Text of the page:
Friday 13 March 2020 - Monocle Minute | Monocle

Friday. 13/3/2020

The Monocle Minute

Opinion / Nolan Giles

Fields of vision

My experience of the UK countryside usually results from an invitation landing on my desk to the opening of a nicely designed rural hotel that’s a manageable distance from London – the dress code rarely requires wellies. So it was a surprise when Countryside, A Report, a beautiful book that’s compact enough to fit in the pocket of a Barbour jacket, arrived this week. This dense piece of work by Dutch architect Rem Koolhaas analyses what’s really happening in the lands beyond our cities.

Through text, infographics and dazzling imagery, Countryside, A Report looks at everything from how Siberians are managing the rapid thawing of their province due to climate change to how the Dutch are combining ancient farming techniques and complex data research to revolutionise growing methods. Because these innovations are all happening in the countryside, it means that, as Koolhaas puts it, “we never hear about them”.

The Dutchman is out to change this. The stories that he delves into in print come to life in more physical form at Countryside, the Future, his extensive exhibition that’s now open at New York’s Guggenheim. Those who can’t get to the Big Apple, however, can still read Koolhaas’s manifesto, due out on 31 March, preferably while on a train to rural pastures where some seriously under-appreciated work is taking place.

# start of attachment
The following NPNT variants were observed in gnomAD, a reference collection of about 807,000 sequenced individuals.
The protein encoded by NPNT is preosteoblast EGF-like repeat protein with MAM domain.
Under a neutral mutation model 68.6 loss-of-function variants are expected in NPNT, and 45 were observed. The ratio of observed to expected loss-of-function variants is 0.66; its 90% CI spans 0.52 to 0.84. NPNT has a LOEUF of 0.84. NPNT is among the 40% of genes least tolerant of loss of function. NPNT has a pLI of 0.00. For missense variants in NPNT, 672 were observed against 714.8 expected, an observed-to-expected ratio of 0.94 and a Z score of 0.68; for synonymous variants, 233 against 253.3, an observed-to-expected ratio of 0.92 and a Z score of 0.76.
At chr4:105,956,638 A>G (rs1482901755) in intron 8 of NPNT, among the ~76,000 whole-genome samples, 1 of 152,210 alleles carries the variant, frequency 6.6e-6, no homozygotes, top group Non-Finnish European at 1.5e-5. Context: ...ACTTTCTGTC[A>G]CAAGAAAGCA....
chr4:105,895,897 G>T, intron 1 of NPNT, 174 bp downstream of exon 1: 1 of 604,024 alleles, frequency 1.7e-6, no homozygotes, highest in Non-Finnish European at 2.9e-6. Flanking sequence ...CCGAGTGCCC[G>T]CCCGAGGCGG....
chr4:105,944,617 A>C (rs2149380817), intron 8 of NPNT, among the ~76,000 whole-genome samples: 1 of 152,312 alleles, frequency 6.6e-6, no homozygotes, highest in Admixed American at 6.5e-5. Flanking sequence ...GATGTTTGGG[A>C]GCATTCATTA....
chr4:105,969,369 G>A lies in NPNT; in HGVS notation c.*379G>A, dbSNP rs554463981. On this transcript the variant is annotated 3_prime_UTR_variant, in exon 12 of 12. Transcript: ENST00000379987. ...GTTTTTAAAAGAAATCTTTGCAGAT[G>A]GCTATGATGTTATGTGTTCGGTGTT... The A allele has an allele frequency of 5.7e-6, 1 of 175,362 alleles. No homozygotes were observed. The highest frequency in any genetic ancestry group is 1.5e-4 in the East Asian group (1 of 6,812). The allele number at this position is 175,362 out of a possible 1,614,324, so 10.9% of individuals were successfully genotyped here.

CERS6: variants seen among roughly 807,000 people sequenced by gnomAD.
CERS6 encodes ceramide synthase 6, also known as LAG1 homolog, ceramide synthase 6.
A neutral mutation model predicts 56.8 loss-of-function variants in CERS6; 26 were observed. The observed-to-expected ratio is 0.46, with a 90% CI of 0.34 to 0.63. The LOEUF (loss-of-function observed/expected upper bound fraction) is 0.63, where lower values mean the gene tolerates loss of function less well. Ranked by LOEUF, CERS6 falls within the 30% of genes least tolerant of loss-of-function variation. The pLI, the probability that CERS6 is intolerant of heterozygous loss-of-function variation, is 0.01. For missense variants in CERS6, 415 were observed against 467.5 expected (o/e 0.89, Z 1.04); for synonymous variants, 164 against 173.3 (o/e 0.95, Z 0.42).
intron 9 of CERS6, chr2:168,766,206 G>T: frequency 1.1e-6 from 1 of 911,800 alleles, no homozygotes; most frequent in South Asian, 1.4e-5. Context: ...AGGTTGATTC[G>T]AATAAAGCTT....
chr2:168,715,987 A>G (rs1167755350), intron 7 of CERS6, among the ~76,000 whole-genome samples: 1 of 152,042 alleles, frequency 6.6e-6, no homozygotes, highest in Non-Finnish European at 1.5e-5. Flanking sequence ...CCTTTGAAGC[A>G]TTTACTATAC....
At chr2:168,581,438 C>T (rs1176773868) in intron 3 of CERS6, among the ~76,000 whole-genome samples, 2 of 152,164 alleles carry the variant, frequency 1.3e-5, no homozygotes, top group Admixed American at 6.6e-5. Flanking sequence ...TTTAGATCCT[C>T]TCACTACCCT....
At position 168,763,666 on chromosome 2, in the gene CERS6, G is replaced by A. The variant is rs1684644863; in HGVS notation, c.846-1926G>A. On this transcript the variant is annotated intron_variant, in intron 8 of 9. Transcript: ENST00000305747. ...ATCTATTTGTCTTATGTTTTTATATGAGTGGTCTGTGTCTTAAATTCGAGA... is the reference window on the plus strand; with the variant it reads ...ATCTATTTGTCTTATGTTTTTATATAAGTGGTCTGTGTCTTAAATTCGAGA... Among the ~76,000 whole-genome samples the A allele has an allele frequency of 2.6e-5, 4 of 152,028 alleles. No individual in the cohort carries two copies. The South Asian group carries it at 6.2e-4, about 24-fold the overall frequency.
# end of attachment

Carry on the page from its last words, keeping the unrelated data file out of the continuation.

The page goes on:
Image: Getty Images

Politics / Russia

In it for the long term

Russia’s Duma approved draft legislation this week that could allow Vladimir Putin to remain in power for a further 12 years following the end of his current stint in 2024. The proposal retains a two-term limit but – here’s the crafty bit – resets the clock on Putin’s 20-year leadership. It will be subject to the scrutiny of a constitutional court (which it is likely to pass) and a plebiscite on 22 April, where it has been cynically bundled with populist legislation including a guaranteed minimum wage. “There won’t be much chance for protests, in part because that would mean protesting against other popular legislation and in part due to public-health concerns surrounding coronavirus,” Rusi senior associate fellow and author Mark Galeotti told Monocle 24’s The Briefing. “They can shut any large gatherings down with full legitimacy.” All the more reason for the international media to look beyond today’s virus-heavy headlines and stay informed.

Image: Shutterstock

Transport / Japan

Clean record